Field Updates 8.7.09

Field Updates 8.7.09

August 7, 2009

Tom Hunt, Extension Entomologist, Haskell Ag Lab, Concord:

Soybean aphids have been on a very slow rise. In northeast Nebraska, aphids are in most fields at very low to low numbers. Consultants are reporting that, in general, they're finding about 25 aphids per plant with that number slowly rising. A few fields had higher numbers.

It's turning out to be a typical Nebraska aphid year, except everything is running just a week or so late. If weather is "seasonable," I expect to see some treatment to start next week (a few may be treated this week). Our aphid action is primarily in August, so growers need to be vigilant. In 2004 we had many fields that peaked at the end of August. With this year's uncommonly cool weather and delays in maturity, scouting should continue through the first couple weeks of September.

Keith Glewen, Extension Educator in Saunders County: Soybean aphids started appearing last week, but by mid-week I hadn't found any fields at economic threshold levels.

Allen Dutcher, State Meteorologist: The recent cold weather is coming to an end, as a ridge pushes eastward. Temperatures will be going up later this week with high humidity indices. Another front is expected to pass through Sunday (August 9) and temperatures should be consistently in the 90s after that. After August 20, there’s a chance of a monsoonal pattern coming into western Nebraska from the southwest U.S. Some of this moisture might move into eastern Nebraska. Recent showers in much of the state have been so spotty, it’s difficult to report on the effect on crops.

Wayne Ohnesorg, Extension Educator in Pierce County: Dryland fields are showing signs of moisture stress and we need rain. Corn has been tasseling and pollinating for about three weeks. We’re starting to see some aphids, up to 40 per plant in some fields.

Jennifer Rees, Extension Educator in Clay County: We need rain as well; dryland crops have been stressed for a while. Corn had good weather for pollination. Beans are approaching the R4 or R5 stage in most fields. In soybean we’ve seen some bean leaf beetles, but no aphids, and in corn we’ve seen some leaf miners. Aerial applications for crop diseases have stopped.

Gary Lesoing, Extension Educator in Nemaha County: Soil moisture isn’t as bad here. We’ve had cool temperatures, some cloudy days and rain. Things are looking good. Conditions were ideal for corn pollination. As temperatures warm up, crop conditions could change rapidly. A lot of corn fields were sprayed for gray leaf spot, but overall corn in pretty good shape. We haven’t seen any aphids yet in soybeans. We’ve been checking our soybean sentinel plots and are seeing increasing bean leaf beetle numbers, but no aphids.

Teshome Regassa, Extension Educator, Crop Variety Testing: Results from our wheat variety trials are coming in and being analyzed and posted to the Variety Trials Web site. Our corn is looking great.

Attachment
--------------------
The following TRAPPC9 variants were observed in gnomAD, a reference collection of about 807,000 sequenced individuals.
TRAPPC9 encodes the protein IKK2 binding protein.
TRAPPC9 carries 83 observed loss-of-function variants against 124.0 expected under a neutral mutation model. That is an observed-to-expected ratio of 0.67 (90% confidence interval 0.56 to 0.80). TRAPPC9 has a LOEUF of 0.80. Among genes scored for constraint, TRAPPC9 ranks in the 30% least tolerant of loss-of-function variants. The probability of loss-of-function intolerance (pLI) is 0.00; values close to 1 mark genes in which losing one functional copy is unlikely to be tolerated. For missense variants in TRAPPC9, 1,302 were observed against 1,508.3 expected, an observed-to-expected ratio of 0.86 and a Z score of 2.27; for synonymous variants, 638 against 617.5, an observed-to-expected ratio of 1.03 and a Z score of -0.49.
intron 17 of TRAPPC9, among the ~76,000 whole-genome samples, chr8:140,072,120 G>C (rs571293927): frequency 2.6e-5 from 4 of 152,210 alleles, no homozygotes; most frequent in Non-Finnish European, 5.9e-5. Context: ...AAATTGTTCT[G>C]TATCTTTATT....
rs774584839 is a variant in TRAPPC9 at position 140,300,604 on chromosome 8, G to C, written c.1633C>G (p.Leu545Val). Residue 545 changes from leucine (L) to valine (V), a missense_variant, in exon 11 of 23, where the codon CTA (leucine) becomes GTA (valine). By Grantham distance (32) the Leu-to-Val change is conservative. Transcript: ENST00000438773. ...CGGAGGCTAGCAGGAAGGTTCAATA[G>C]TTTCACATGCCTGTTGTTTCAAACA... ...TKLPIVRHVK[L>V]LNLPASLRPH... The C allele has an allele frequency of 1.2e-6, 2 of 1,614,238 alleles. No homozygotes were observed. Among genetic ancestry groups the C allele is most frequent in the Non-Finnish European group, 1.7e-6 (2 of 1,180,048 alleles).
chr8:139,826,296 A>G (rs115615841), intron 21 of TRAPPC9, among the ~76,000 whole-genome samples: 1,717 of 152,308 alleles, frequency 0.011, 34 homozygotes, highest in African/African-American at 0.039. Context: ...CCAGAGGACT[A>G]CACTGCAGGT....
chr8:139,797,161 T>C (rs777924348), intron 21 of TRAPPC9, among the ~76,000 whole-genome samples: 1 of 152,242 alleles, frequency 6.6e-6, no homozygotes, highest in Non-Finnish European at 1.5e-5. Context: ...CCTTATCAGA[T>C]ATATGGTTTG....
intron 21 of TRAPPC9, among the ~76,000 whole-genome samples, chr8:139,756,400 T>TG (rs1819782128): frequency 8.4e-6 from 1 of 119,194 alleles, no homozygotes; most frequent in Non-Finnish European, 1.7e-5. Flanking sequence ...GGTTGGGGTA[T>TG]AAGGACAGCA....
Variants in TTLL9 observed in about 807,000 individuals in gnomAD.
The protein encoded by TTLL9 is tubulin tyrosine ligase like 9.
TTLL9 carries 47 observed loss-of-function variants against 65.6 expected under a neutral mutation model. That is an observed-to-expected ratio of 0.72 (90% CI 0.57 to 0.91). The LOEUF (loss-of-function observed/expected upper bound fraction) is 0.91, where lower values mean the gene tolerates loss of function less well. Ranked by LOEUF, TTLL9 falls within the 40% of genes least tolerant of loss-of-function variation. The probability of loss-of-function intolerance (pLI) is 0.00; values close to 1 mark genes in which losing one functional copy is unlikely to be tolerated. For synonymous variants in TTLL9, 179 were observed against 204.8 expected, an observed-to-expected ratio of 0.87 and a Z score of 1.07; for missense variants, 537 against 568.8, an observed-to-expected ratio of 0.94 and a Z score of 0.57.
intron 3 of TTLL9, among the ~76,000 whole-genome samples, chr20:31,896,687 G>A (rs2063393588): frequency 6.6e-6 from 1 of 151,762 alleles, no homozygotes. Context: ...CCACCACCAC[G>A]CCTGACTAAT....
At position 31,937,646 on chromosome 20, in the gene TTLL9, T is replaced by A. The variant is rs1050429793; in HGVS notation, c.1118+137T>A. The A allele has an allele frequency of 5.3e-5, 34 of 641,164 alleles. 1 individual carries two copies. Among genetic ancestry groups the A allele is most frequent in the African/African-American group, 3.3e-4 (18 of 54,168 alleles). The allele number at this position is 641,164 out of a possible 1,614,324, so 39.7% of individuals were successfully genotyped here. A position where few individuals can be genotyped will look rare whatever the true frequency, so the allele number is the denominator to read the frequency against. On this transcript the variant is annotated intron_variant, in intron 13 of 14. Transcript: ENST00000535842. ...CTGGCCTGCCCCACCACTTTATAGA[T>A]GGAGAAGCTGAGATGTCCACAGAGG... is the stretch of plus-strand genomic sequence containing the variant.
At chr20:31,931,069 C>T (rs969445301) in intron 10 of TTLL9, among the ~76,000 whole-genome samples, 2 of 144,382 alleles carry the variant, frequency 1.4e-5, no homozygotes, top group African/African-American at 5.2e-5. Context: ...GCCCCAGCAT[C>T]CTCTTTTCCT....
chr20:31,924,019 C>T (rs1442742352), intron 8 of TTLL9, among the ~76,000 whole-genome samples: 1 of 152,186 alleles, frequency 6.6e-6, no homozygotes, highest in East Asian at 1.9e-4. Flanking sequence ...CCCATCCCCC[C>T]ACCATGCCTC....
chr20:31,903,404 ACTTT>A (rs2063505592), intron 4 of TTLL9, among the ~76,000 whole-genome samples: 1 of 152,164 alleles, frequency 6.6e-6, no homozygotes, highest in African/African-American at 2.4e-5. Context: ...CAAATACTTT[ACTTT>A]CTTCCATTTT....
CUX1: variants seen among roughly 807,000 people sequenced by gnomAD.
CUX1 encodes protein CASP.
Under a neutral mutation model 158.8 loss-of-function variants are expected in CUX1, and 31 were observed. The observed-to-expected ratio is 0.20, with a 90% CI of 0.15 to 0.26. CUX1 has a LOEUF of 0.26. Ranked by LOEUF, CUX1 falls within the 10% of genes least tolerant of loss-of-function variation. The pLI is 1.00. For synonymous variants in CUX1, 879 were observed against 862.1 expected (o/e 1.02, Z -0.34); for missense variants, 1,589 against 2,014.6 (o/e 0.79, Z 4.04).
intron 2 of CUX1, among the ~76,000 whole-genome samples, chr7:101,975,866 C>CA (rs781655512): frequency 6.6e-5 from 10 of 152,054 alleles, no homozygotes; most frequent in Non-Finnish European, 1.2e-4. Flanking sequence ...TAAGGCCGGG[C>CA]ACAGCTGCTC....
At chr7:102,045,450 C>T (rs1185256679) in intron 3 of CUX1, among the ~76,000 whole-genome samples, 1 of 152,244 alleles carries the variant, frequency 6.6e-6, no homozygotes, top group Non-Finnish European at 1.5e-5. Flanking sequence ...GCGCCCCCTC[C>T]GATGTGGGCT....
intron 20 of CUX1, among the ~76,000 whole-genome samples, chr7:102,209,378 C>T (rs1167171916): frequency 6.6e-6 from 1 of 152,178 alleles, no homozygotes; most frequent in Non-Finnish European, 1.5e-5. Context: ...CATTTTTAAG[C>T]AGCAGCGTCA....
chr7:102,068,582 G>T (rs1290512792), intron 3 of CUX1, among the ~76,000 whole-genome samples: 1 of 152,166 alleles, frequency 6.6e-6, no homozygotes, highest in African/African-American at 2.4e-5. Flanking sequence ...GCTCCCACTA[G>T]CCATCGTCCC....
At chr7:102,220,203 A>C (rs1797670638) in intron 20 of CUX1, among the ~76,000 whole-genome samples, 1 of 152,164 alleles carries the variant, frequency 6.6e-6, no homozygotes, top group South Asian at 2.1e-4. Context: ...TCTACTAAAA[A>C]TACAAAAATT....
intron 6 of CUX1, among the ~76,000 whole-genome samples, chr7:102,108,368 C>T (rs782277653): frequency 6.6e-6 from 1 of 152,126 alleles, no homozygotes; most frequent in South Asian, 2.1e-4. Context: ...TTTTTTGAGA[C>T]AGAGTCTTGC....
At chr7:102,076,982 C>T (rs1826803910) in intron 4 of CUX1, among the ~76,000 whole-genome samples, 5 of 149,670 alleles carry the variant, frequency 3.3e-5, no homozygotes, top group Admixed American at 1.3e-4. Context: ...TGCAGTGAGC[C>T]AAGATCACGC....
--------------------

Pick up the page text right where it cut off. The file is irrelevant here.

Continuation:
Robert Wright, Extension Entomologist: We’re getting reports of grasshopper problems from across the state, but particularly in the Panhandle and southwest Nebraska where they’re pretty abundant. Tom Hunt and I have a grant from the Nebraska Soybean Board to monitor stinkbugs in Lancaster, Saunders and Clay counties. We're seeing pretty good numbers of bean leaf beetles. Between bean leaf beetles and the grasshoppers, some fields are pretty chewed up, even if they’re not at economic levels yet.

Jim Schneider, Extension Educator in Hamilton County: Dryland fields are holding their own, but another rain would help. Irrigated yields are looking pretty good and we had good weather for pollination. Crop water use was low at around 1.2 inches for last week. Approximately 80% of the corn has been sprayed with fungicide for gray leaf spot. Some common rust has been observed, but no southern rust has been found. In general, corn is tall this year so there is some extra concern about keeping the stalks healthy to avoid lodging this fall. Leafminers have been bad this year. In cases where residual insecticide was applied with the fungicide in the presence of corn borer, it seems to have slowed them from damaging the ear leaf and higher leaves. A few soybean aphids are now showing up and a few scattered soybean fields have been treated for bean leaf beetle.

Ron Seymour, Extension Educator in Adams County: Field corn is generally in the milk stage of development. Most irrigated fields are in excellent condition. Grey leaf spot was commonly found on plants up to the ear leaf. Corn blotch leafminer damage was noticed in some fields up to the ear leaf with enough damage on lower leaves to cause the leaves to die.

Soybeans are in the early stages of pod fill. Most irrigated fields are in excellent condition. We've seen some brown spot and some minor defoliation. The common defoliators were bean leaf beetles, grasshoppers, and blister beetles. A few brown stink bugs were found.

Alfalfa fields are in fair to excellent condition depending on how much moisture they have received. Pest issues are minimal but pea aphids, green stink bugs, and velvet bean caterpillars were commonly found. Grain sorghum is in the late whorl stage. Most fields look good. A few green bugs and corn leaf aphids were found but infestations were minimal. Pastures are in fair to good condition depending on the amount of grazing and moisture received. The soil moisture conditions are generally dry with little moisture in the top 2 feet.


Online Master of Science in Agronomy

With a focus on industry applications and research, the online program is designed with maximum flexibility for today's working professionals.

A field of corn.